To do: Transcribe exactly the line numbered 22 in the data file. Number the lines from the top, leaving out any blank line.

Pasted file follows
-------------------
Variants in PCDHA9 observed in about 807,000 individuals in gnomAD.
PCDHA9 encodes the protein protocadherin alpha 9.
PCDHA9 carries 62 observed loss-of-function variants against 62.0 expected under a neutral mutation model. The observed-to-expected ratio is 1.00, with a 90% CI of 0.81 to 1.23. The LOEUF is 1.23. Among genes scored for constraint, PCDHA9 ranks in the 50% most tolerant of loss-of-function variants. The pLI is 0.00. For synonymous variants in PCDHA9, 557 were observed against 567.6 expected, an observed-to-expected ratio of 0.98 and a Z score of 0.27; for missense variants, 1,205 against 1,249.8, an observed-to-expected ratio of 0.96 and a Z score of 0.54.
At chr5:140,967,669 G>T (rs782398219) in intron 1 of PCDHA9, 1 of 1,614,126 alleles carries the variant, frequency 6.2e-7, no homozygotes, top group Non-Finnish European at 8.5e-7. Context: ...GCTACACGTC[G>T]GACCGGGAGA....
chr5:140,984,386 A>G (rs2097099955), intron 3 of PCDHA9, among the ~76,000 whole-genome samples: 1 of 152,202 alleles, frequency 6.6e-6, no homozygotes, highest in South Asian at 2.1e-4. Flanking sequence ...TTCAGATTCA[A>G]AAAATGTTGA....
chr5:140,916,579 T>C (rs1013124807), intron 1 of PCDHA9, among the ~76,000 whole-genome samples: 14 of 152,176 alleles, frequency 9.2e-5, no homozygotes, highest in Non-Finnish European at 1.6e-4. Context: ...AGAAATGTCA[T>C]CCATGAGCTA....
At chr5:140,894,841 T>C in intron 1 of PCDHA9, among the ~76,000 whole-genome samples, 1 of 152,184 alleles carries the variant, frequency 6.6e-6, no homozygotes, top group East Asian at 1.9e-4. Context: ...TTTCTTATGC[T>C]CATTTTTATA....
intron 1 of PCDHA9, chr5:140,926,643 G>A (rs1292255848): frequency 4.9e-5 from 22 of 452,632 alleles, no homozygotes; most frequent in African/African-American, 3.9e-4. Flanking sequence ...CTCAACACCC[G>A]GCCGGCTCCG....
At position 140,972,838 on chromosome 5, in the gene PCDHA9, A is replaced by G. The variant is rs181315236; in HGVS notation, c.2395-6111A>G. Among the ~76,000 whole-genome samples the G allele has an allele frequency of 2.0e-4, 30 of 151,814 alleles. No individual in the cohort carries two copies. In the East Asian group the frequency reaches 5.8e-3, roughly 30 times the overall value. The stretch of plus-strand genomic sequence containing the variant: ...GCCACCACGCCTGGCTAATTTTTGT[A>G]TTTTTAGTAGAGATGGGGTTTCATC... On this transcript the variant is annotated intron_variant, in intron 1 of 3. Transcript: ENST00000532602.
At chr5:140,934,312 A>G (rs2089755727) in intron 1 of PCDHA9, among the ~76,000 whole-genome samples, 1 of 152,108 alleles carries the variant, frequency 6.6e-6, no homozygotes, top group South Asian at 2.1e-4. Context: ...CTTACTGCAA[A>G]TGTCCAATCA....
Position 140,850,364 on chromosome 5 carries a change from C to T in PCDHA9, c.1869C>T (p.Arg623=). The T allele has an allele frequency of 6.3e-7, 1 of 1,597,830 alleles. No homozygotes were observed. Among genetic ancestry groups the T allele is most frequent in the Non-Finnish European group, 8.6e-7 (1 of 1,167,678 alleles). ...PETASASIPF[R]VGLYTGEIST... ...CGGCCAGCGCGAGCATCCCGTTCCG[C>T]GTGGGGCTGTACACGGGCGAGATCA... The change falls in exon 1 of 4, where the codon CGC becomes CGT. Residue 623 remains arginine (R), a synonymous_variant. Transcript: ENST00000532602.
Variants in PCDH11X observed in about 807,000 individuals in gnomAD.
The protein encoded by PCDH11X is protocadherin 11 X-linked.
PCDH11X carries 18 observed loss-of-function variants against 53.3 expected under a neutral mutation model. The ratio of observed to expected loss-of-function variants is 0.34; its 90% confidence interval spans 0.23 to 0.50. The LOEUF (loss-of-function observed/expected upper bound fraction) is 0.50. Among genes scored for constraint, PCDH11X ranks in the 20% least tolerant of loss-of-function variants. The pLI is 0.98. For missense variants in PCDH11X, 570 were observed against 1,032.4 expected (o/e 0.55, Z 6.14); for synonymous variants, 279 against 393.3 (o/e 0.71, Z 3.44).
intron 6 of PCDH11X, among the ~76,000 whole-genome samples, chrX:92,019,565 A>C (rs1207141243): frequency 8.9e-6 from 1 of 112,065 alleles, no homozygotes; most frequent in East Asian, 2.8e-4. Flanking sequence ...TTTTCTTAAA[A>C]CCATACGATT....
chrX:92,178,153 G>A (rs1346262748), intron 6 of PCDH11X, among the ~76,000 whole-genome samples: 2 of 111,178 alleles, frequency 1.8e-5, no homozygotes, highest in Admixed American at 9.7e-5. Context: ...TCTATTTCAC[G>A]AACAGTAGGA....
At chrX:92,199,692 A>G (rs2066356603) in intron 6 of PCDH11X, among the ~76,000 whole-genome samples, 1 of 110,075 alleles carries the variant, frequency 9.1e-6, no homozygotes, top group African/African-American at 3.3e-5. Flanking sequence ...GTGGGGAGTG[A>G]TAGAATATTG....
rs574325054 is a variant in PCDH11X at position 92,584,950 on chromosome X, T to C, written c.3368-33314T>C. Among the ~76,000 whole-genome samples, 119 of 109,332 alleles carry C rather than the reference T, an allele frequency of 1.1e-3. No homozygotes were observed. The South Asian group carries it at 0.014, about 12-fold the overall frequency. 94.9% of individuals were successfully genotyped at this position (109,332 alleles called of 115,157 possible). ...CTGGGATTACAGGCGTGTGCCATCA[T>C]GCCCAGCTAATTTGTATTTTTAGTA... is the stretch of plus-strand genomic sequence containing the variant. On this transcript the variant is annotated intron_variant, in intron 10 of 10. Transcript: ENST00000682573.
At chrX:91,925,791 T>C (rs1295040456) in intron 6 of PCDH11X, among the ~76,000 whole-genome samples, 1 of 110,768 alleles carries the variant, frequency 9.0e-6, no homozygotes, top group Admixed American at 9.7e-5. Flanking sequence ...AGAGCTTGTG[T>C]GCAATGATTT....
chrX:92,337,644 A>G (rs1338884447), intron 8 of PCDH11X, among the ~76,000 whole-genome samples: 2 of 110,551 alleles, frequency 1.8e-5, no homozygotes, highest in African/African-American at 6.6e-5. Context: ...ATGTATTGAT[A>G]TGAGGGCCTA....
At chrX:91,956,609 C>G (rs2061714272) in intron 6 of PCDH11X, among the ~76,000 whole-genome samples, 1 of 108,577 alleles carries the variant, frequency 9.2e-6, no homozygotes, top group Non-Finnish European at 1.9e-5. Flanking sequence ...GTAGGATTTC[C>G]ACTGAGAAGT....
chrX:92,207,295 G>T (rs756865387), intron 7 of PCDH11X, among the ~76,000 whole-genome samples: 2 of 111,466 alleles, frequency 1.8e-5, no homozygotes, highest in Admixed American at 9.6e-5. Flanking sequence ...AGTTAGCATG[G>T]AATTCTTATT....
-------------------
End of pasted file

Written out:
chrX:92,207,295 G>T (rs756865387), intron 7 of PCDH11X, among the ~76,000 whole-genome samples: 2 of 111,466 alleles, frequency 1.8e-5, no homozygotes, highest in Admixed American at 9.6e-5. Flanking sequence ...AGTTAGCATG[G>T]AATTCTTATT....